13 Rescues You Have To See To Believe — #9 Brought Tears To My Eyes!G. H.
The Animal Rescue Site and GreaterGood.org have been saving animalsâ€™ lives for 13 years, but we’re still taken aback every time we see the life-changing transformations our programs (and your clicks, purchases, and donations!) make possible.
In celebration of our 13th anniversary, weâ€™re looking back at 13 of the most jaw-dropping rescues we’ve witnessed since we began this work in 2002.
See the amazing stories below, and give yourself a pat on the back! Itâ€™s because of your support that these rescues are possible!
Animals entering the shelter system are often injured or very sick, requiring immediate and expensive care. Sierra Nevada was one of these animals. On New Year’s Eve 2014, she was hit by a car and taken to an Arizona shelter. Her leg needed to be amputated, but the shelter didnâ€™t have the resources to perform the surgery. Thanks to sponsorship from The Animal Rescue Site, a local rescue group was able to step in and shoulder the heavy financial burden of the operation. Sierra made a full recovery and was adopted into a new, loving family.
Since the start of 2015, nearly 2,000 sea lion pups have washed up â€” starving and alone â€” on Californiaâ€™s beaches, and researchers arenâ€™t sure why. Luckily, Pacific Marine Mammal Center (PMMC) has worked hard to save these stranded pups during tough years like this one. Lavender, Winnie, Davy and Orlando were some of the lucky ones. On March 15, 2015, they were released back into the wild after weeks of rehab and care from PMMC. Click here to watch them return to the water! Itâ€™s pretty unforgettable.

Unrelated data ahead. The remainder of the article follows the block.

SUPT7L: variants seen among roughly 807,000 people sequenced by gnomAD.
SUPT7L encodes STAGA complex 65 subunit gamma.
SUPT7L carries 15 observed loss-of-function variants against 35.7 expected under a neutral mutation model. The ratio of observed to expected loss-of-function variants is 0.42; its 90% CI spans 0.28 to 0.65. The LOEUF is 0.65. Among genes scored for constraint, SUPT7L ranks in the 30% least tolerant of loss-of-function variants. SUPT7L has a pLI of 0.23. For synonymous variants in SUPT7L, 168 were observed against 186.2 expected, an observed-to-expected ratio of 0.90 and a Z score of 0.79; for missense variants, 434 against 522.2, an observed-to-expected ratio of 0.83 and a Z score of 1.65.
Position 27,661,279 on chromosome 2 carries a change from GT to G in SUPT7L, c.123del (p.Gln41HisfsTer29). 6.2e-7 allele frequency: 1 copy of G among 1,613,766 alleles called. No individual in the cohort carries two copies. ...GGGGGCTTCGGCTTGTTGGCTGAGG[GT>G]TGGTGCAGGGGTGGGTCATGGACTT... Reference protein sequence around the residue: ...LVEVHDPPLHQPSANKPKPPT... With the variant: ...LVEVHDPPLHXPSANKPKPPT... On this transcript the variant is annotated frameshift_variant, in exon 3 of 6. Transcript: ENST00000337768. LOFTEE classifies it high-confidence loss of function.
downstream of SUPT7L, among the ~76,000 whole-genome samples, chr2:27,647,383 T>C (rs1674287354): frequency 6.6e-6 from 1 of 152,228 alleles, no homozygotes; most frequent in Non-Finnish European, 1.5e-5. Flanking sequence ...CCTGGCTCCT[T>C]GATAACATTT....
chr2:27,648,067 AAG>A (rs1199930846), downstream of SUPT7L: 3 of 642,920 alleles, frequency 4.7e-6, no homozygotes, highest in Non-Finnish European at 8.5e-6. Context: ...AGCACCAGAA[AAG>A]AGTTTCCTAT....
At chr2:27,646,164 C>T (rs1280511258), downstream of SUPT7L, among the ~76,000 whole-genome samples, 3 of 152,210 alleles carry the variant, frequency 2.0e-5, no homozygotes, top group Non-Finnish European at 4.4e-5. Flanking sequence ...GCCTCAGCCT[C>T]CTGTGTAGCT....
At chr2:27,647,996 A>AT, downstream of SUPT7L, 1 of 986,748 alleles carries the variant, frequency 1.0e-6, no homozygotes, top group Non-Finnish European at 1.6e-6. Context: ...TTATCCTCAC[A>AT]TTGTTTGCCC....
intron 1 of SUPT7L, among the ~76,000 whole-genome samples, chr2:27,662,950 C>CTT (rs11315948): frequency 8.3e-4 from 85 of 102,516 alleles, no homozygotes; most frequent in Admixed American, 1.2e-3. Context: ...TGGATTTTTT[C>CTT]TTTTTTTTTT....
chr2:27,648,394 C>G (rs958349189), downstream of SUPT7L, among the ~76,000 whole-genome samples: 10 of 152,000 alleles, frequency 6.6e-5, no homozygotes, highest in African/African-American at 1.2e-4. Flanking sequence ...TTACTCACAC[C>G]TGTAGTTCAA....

A blurry, poorly framed photo of an animal that is scared and confused can hurt its chances of adoption. Take Lace for example. When shelter staff first met her, she wouldnâ€™t even let them get close enough to touch her. After weeks of working with her to earn her trust, they finally broke her out of her shell, so much so that made her comfortable enough for a photo shoot! Not long after, a wonderful couple spotted her online and adopted her. Without the rescue staff’s training from the One Picture Saves a Life program, Lace’s story would have been much different.
4. Paw Paw
Paw Paw was brought to Australia Wildlife Hospitalâ€™s (AWH) care in November 2005 after being found with a septic wound on his wrist. He underwent a delicate operation and was placed on a long course of antibiotics. His recovery was uncertain — septic wounds can turn fatal quickly. Miraculously, volunteers watched the little guy regain strength by the day. Three months and hundreds of hours of care later, AWH staff released Paw Paw back to freedom in the wild.